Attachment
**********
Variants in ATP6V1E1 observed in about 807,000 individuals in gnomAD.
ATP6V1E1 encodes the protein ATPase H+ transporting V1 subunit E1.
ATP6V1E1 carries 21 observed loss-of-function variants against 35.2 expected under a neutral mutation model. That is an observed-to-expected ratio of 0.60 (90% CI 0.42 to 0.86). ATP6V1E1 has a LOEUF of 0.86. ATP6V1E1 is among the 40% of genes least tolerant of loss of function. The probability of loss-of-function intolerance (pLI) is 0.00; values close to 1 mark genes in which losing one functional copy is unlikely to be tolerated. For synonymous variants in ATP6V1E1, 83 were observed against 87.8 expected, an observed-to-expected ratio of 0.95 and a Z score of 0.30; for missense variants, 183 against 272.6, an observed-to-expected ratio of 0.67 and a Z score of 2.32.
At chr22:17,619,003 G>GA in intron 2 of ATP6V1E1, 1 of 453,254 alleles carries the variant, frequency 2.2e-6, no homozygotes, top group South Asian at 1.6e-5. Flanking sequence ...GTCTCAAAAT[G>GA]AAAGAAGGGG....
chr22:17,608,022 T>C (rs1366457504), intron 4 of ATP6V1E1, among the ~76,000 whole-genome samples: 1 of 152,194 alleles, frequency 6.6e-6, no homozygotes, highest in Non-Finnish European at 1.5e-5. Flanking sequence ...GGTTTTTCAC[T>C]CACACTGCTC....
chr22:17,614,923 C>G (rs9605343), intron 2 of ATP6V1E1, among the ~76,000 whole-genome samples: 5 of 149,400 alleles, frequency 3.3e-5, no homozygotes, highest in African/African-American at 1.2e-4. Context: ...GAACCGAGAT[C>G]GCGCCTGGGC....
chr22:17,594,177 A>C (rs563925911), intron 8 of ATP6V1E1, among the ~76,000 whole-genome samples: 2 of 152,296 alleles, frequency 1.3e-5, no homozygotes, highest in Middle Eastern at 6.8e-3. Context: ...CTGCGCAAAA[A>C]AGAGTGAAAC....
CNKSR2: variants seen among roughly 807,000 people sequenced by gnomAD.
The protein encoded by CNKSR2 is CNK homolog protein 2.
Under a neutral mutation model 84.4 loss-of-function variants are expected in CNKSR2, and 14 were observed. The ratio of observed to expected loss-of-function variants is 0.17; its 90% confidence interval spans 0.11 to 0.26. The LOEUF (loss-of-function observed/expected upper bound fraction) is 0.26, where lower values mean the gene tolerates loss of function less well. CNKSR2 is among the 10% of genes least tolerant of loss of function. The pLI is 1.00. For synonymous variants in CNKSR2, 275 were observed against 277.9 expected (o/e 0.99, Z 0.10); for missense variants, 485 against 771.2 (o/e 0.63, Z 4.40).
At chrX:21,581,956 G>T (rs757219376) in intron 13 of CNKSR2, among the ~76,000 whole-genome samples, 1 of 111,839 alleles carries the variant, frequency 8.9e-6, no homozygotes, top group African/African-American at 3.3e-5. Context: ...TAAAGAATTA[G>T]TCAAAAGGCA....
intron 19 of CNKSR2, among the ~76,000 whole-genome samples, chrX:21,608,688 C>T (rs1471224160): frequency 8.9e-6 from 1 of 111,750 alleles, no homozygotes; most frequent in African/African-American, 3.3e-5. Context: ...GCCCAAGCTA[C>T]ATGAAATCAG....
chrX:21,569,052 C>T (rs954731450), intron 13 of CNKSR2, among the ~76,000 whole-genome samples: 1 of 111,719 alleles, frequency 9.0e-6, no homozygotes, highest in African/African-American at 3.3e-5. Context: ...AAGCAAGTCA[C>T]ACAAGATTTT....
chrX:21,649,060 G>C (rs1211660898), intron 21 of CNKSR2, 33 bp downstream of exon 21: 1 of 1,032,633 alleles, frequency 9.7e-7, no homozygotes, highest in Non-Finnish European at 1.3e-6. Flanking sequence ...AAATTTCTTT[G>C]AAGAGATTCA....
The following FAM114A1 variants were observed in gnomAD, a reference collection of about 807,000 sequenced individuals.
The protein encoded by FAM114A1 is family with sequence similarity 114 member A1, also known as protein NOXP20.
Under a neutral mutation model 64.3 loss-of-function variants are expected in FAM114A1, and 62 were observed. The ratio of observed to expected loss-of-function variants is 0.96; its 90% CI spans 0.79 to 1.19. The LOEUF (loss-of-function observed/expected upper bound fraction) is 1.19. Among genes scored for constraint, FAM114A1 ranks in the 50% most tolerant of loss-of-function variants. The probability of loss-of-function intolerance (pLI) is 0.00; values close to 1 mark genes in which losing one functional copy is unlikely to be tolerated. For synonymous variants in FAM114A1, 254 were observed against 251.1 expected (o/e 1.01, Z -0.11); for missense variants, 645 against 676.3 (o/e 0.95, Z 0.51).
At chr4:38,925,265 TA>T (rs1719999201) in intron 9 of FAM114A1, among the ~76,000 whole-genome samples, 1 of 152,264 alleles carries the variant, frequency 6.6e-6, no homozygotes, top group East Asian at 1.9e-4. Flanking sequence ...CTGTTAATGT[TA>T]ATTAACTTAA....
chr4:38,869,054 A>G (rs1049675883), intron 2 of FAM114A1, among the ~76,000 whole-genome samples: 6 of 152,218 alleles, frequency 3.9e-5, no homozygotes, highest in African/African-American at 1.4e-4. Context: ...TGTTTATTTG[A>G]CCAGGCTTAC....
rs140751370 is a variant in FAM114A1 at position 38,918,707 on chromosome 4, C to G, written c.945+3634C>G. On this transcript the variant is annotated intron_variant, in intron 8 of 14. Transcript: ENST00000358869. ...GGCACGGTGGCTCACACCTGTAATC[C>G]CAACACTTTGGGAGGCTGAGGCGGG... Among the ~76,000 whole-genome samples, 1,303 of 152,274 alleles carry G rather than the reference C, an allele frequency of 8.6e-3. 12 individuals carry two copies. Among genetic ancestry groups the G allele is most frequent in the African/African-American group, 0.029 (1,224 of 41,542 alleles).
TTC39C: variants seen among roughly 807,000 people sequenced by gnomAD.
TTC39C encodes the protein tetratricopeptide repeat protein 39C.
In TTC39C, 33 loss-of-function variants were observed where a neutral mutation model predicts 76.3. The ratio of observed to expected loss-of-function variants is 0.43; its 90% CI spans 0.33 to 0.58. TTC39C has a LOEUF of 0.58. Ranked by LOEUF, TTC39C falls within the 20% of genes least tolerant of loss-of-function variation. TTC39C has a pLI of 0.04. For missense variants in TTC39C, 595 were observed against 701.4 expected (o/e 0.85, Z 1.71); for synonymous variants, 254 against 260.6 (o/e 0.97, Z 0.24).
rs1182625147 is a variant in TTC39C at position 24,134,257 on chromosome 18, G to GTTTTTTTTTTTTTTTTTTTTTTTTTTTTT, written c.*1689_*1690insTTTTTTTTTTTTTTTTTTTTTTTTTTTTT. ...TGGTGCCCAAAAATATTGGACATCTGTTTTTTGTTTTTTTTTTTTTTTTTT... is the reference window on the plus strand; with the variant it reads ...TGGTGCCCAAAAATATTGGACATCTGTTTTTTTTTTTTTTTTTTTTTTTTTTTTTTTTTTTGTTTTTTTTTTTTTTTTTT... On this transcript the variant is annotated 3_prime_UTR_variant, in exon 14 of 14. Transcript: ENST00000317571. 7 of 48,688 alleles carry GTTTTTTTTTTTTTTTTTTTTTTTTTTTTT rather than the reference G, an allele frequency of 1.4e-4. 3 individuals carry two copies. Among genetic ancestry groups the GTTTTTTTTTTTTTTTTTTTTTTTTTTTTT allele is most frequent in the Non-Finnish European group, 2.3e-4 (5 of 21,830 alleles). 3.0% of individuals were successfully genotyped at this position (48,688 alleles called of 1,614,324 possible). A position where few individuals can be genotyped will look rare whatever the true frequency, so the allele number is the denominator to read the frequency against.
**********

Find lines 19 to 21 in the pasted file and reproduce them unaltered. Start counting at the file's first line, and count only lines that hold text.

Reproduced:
chr4:38,869,054 A>G (rs1049675883), intron 2 of FAM114A1, among the ~76,000 whole-genome samples: 6 of 152,218 alleles, frequency 3.9e-5, no homozygotes, highest in African/African-American at 1.4e-4. Context: ...TGTTTATTTG[A>G]CCAGGCTTAC....
rs140751370 is a variant in FAM114A1 at position 38,918,707 on chromosome 4, C to G, written c.945+3634C>G. On this transcript the variant is annotated intron_variant, in intron 8 of 14. Transcript: ENST00000358869. ...GGCACGGTGGCTCACACCTGTAATC[C>G]CAACACTTTGGGAGGCTGAGGCGGG... Among the ~76,000 whole-genome samples, 1,303 of 152,274 alleles carry G rather than the reference C, an allele frequency of 8.6e-3. 12 individuals carry two copies. Among genetic ancestry groups the G allele is most frequent in the African/African-American group, 0.029 (1,224 of 41,542 alleles).
TTC39C: variants seen among roughly 807,000 people sequenced by gnomAD.